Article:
One last note: what was Ruth doing when she was clinging to Naomi in 1:14? She was weeping with her. Orpah kissed her, showing respect and affection. But Ruth clung to her and they wept. Friend-love is a call to weep with those who weep, to enter into the suffering of another person, to bear another’s burdens. When they hurt, you hurt. That is the natural, emotional reaction of true friendship. Friendship, on the Christian understanding, is all about giving up yourself for the sake of others, dying to yourself so that you might put the interests of others ahead of your own.  

That’s what Christ did for us, after all.

To Love as Humans Do

Sometimes we think we love too deeply. Billions of hearts are broken and reformed and rebroken every year. The silver screen and mp3 pour out the tears and the tears refill them. There is such much riding on the girl next door, the spouse in your bed, or the friend across the table. We are so desperate for closeness and so tired of loneliness (beggars, all of us) that we make each other the whole world in paraphrase.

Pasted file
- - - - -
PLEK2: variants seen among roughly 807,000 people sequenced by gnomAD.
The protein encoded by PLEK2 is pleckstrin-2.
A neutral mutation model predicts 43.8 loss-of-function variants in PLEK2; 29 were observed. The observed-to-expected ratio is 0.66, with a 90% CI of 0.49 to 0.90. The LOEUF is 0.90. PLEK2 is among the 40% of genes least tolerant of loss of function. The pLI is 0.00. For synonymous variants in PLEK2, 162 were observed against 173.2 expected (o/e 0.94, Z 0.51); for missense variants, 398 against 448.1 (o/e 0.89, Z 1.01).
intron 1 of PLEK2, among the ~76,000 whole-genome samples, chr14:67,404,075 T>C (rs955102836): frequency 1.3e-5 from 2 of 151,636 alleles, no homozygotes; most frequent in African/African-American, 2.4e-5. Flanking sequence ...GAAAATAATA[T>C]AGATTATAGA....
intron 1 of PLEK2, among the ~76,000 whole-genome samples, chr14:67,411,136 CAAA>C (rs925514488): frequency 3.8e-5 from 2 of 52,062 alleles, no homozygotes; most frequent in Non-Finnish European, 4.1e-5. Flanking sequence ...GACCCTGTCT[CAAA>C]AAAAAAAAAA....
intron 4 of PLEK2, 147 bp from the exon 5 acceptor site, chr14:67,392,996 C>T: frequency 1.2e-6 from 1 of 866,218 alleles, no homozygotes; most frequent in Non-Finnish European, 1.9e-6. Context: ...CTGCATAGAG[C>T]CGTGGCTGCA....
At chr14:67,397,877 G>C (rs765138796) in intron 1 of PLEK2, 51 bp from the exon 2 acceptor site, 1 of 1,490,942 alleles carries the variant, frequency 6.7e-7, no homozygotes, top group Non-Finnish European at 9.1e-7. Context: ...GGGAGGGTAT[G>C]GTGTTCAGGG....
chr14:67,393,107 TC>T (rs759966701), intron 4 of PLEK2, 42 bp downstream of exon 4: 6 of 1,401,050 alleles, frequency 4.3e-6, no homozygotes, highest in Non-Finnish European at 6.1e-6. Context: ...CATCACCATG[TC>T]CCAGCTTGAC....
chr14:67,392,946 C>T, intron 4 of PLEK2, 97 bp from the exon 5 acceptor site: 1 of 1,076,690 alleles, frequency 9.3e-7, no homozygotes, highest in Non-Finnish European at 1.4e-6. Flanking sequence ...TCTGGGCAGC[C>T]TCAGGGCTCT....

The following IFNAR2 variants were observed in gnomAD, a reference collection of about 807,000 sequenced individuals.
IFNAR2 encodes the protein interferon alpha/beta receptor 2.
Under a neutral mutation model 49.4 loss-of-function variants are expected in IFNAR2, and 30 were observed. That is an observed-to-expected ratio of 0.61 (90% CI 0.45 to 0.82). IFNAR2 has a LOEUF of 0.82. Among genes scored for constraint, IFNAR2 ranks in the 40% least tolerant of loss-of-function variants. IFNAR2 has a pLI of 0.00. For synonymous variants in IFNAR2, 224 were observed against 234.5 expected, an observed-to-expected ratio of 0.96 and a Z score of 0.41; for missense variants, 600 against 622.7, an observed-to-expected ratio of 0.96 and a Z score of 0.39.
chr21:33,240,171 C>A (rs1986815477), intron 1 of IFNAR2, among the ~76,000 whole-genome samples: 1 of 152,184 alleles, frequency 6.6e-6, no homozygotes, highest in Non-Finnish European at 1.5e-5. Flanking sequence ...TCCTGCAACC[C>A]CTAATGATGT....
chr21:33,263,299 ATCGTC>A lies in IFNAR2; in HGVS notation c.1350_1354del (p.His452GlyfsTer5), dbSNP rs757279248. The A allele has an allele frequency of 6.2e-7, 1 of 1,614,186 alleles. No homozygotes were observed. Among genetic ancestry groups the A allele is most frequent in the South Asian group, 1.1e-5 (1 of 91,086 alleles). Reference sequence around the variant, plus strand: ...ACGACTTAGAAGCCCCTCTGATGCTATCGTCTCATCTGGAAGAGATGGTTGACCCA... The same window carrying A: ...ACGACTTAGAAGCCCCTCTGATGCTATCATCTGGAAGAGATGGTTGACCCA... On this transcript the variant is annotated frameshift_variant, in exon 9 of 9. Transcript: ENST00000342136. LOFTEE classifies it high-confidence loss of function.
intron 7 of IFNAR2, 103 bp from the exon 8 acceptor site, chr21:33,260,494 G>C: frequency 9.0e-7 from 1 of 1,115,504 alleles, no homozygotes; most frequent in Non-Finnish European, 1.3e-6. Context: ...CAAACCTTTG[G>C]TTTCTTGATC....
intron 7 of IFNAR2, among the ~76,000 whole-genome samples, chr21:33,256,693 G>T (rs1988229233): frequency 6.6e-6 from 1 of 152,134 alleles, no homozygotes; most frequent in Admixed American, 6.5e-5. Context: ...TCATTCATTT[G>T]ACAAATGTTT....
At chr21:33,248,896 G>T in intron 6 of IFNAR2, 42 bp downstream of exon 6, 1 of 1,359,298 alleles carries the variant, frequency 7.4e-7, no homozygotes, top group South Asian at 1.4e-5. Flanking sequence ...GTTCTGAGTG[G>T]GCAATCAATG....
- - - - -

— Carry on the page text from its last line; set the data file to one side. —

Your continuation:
“You’re the moon.”

“You are my everything.”

“You have my heart.”

“One soul inhabiting two bodies.”

Deep, thick, resilient love is a wonderful thing. But it can also be the most fragile thing in the world. In my job, I’ve learned that if the roof is too vast, it cannot support itself. It needs to be sustained by structure, by unyielding steel. Otherwise everything will collapse around our ears. And until the end credits roll, what is more unyielding than death?

The bored graves gnaw down every one of our friends. All our loves eventually will blend into the dirt and the dark. And our hearts, worn once on our sleeves and perpetually held by all those irreplaceable people, will fray like flags in a thunderstorm. Who can withstand that weight? What soul can stand up under the immeasurable banner of another human creature’s love? O Lord, what can we do?